Nutella* Brownie Bars

So many apologies for not posting recently, but I hope you will forgive me when you see what I’ve got for you today 🙂

My friend posted a recipe link on Facebook and I just couldn’t resist…

I made them but found they were a little too squidgey for my liking and the modification began 🙂

They are so simple to make and ideal for a kids baking project. Small person whipped them up in a matter of minutes.

200g of nutella*
2 medium eggs
200g flour
20cl milk

*nutella is of course a brand name, but most supermarkets will sell this as chocolate hazelnut spread.

Put all the ingredients in a large bowl and mush them all together until well mixed.

This is where you can add a handful of whatever you like to give it a little texture. I halved the mixture and added a handful of crushed peanuts to one half and a handful of sugar balls ( more usual on the top of cakes I know, but they make a really fun multicoloured interior for small people)

Stir any of your extra ingredients into the mixture and it’s ready to be baked.

If, like me, you have two flavours but only one want to do one bake, just line your tin with paper as normal, but make a peak fold in the middle and voila, as they say in these parts, you can fill up each half with a different mixture.

Bake at 200 degrees for around 20 minutes, until you can poke it with a cocktail stick and it comes out with a tiny smudge of mixture on it. You have to make sure you don’t over bake this as it is supposed to be slightly gooey in the centre.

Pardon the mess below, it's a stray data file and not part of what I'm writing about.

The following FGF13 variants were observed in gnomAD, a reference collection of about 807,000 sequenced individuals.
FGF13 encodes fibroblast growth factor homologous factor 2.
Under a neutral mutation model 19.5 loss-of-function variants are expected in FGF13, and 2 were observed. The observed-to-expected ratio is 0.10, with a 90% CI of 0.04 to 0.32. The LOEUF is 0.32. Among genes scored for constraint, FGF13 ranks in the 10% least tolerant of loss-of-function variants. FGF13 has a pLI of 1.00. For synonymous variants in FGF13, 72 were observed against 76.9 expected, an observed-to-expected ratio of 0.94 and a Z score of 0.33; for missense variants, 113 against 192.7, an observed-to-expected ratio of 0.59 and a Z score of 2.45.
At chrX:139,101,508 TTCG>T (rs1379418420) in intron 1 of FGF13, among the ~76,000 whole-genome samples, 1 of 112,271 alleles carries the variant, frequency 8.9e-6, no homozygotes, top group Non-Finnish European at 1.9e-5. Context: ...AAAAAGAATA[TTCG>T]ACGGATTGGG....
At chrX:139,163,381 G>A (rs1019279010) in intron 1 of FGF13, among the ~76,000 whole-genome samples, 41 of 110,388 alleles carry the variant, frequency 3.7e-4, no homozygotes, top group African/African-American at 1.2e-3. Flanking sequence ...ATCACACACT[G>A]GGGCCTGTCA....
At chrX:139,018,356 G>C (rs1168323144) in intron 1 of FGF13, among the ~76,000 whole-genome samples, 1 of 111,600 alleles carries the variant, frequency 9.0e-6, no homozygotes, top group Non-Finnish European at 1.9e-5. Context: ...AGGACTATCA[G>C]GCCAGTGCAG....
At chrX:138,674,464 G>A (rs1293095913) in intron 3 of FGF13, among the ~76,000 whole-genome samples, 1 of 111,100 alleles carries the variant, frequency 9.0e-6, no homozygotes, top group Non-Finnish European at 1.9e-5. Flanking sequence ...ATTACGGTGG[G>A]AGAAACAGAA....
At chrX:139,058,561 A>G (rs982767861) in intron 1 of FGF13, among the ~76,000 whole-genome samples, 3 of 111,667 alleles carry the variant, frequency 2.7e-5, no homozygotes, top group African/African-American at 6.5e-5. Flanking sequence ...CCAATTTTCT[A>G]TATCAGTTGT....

Leave to cool in the tin for 15 minutes then transfer onto a cooling rack. As tempting as it is to dive straight in it’s best to try and wait at least 30 minutes so they don’t crumble too much when you cut them.

When cooled, cut into bars or squares and store in an airtight tin.

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**more pictures will be uploaded as soon as small person has stopped hogging the pc 🙂

Couscous Stuffed Cabbage Leaves

My Small person announced in the supermarket the other day that she ‘really liked that frilly kind of cabbage’. When I picked myself up off the floor and put the savoy cabbage in my trolley it occurred to me that there are quite a number of leaves a whole cabbage and only 2 people in our house at the moment so I had better come up with some cabbage recipes quick smart.

My big sister has also been asking for some good low fat healthy recipes, not something HillyWillys kitchen is known for, so I thought I should try and come up for something for her as well. Hopefully she’ll like it as much as small person did.

This is a great tasting low fat dish on its own as a starter or served with a green salad and coleslaw as a main. If you happen to have any parcels left over wrap them in foil and keep in the fridge overnight and they can be eaten cold as a snack.

Couscous Stuffed Cabbage Leaves

Ingredients

6 large Savoy Cabbage leaves
500ml Vegetable stock
200g pre-cooked couscous*

*You can put just about anything into couscous to jazz up the flavour, but this is what I used in mine.

150g of dried couscous
25g raisins
Pinch of dried mint
1/2 tsp dried mixed herbs
2tsp dried mixed pepper
(if you wish to use fresh pepper add 20g of finely chopped mixed peppers with the chopped tomato)

Place ingredients into a bowl and cover with boiling water. Cover and leave for 5 minutes. Once the water has absorbed into the grain stir in 1tsp of olive oil, 1tsp lemon juice and 1 finely chopped cherry tomato .

Take the cabbage leaves and cut away the hard white stalk